So I start with the horse at liberty, rather than training with aversive stimuli until the horse learns he can’t leave. This is often what happens in many forms of liberty work, the horse is trained to stay because the consequences for leaving are something he wishes to avoid.
No pressure halters, ropes or round pens are needed when we really give the horse a choice using positive reinforcement

Conditioned Responses

So you have a nice gentle horse who doesn’t respond to your requests.  What do you do?  According to one trainer chase it round with a bag on a stick and then when the horse tries to escape smack him with the whip.
Someone I know has also heard a trainer say “smack him hard and then give his face a rub to tell him you still love him”. Oh and I was once told to “smile” whilst whacking the horse on the chin with the lead rope clip.

Yes we need to smile more whilst with our horses – it helps us relax but it does not make horse feel any better if what we do frightens them.
All those times you smack, tap or kick a horse to go forward you are initiating a startle response – even if you never hit your horse it has the same affect. Is hitting your boot or the sandschool floor or wall to startle the horse forwards any better for the horse?
Eventually you only have to pick up a whip or stick and the horse obeys – it looks like magic but it is a conditioned response.

In classical conditioning the first time the horse sees a whip or carrot stick it is a neutral unconditioned stimulus – it elicits no response. Once the whip or stick has been used as an aversive stimulus to provoke a response it becomes a predictor of the aversive so has been classically conditioned.

So the unconditioned stimulus is the whip when first seen, it is then paired with an aversive action and becomes a conditioned stimulus that elicits a conditioned response.

So the conditioned stimulus (CS) has been associated with the unconditioned stimulus (UCS) to create a new conditioned response (CR).

There are better ways to train horses, do we want our horses to be afraid to ask questions? Afraid to say no I can’t do that? Or do we want to have a horse who is not afraid to express an opinion – OK there will be some times when that opinion is unsafe but we can redirect their behaviour or teach an incompatible one. Positive reinforcement engages the horses SEEKING system and increases motivation. Counter conditioning can change their perception of scary objects or people as we pair them with an appetitive stimulus.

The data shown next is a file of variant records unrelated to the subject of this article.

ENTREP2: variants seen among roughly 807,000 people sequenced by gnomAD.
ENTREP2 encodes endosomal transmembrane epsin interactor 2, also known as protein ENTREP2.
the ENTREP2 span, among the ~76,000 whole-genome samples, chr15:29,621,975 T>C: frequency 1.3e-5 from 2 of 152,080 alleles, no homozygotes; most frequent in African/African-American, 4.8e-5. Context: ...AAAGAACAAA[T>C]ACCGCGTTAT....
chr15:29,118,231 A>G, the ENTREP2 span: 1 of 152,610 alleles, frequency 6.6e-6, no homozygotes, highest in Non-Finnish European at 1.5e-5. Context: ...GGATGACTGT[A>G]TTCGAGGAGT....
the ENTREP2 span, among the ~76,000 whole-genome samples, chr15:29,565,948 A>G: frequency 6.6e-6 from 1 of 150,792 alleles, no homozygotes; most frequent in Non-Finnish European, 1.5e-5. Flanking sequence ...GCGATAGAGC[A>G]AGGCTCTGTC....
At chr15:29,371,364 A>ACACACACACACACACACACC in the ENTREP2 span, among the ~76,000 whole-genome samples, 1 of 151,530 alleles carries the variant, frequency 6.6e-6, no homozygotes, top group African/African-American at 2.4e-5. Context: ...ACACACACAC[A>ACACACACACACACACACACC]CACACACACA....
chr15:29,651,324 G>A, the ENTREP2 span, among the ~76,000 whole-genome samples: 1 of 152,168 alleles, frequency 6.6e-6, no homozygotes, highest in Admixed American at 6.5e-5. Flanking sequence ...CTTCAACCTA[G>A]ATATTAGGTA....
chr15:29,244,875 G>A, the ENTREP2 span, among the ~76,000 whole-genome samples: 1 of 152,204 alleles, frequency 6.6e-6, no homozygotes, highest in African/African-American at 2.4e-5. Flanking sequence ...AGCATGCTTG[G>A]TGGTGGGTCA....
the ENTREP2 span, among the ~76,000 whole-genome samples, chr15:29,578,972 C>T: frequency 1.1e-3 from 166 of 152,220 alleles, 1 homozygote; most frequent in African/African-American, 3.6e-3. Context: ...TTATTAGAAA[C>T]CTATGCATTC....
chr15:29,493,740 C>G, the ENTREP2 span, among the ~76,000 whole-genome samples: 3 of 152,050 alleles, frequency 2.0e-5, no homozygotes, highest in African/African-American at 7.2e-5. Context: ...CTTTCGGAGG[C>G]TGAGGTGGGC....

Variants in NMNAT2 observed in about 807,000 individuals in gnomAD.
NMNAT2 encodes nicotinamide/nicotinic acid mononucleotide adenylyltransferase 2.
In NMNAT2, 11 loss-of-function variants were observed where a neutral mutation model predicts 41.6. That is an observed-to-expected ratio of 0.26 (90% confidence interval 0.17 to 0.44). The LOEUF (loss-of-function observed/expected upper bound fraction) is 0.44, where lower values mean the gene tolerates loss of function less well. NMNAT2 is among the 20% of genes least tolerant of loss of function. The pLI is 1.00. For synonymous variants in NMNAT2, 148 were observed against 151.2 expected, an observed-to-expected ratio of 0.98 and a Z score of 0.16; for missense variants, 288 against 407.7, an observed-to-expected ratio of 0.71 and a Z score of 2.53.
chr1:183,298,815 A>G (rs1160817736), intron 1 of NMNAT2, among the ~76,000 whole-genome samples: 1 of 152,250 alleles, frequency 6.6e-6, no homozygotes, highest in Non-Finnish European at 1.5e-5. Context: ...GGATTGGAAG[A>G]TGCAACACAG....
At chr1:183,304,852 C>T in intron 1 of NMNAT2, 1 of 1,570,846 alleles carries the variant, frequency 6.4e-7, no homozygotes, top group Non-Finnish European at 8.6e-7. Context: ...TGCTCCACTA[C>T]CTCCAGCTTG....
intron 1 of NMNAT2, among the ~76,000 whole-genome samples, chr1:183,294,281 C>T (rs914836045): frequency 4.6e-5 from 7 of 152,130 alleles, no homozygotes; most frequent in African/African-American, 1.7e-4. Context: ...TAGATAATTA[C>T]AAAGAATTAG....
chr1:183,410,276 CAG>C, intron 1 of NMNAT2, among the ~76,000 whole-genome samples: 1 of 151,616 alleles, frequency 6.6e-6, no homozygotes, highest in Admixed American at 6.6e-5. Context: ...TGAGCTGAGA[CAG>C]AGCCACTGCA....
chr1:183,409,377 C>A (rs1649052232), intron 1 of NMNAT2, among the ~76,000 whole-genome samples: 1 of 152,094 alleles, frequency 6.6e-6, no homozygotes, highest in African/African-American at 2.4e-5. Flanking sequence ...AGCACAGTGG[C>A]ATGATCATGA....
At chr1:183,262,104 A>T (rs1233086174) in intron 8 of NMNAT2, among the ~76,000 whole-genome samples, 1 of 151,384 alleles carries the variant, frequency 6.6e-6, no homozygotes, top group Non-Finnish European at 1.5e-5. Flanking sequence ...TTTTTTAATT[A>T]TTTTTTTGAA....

These articles are worth a read – especially the last part of the first article where it gives this example

“Example:  A horse misbehaves with a farrier, and the farrier hits the horse several times with his rasp.  Because this horse is very sensitive, being hit causes him a lot of pain.  In this case, being hit is an unconditioned stimulus and fear is an unconditioned response.  In the future, whenever the farrier arrives the horse feels fearful and trembles.  The farrier is now the conditioned stimulus and the horse trembling is the conditioned response.  The initial event was so traumatic for the horse that it took just one pairing of farrier and pain to create the conditioned response.”

Insert any other person in the place of farrier and you can see how easy it is to create a conditioned fear response. It takes a long time to undo a fear response like this. So it may not be your farrier who caused the problem but the horse will associate any person who looks or smells like a farrier with fear.

This is why I am spending so long counter-conditioning Mojo.

http://www.thewayofhorses.com/03_15_behavior_conditioning.html
http://www.simplypsychology.org/classical-conditioning.html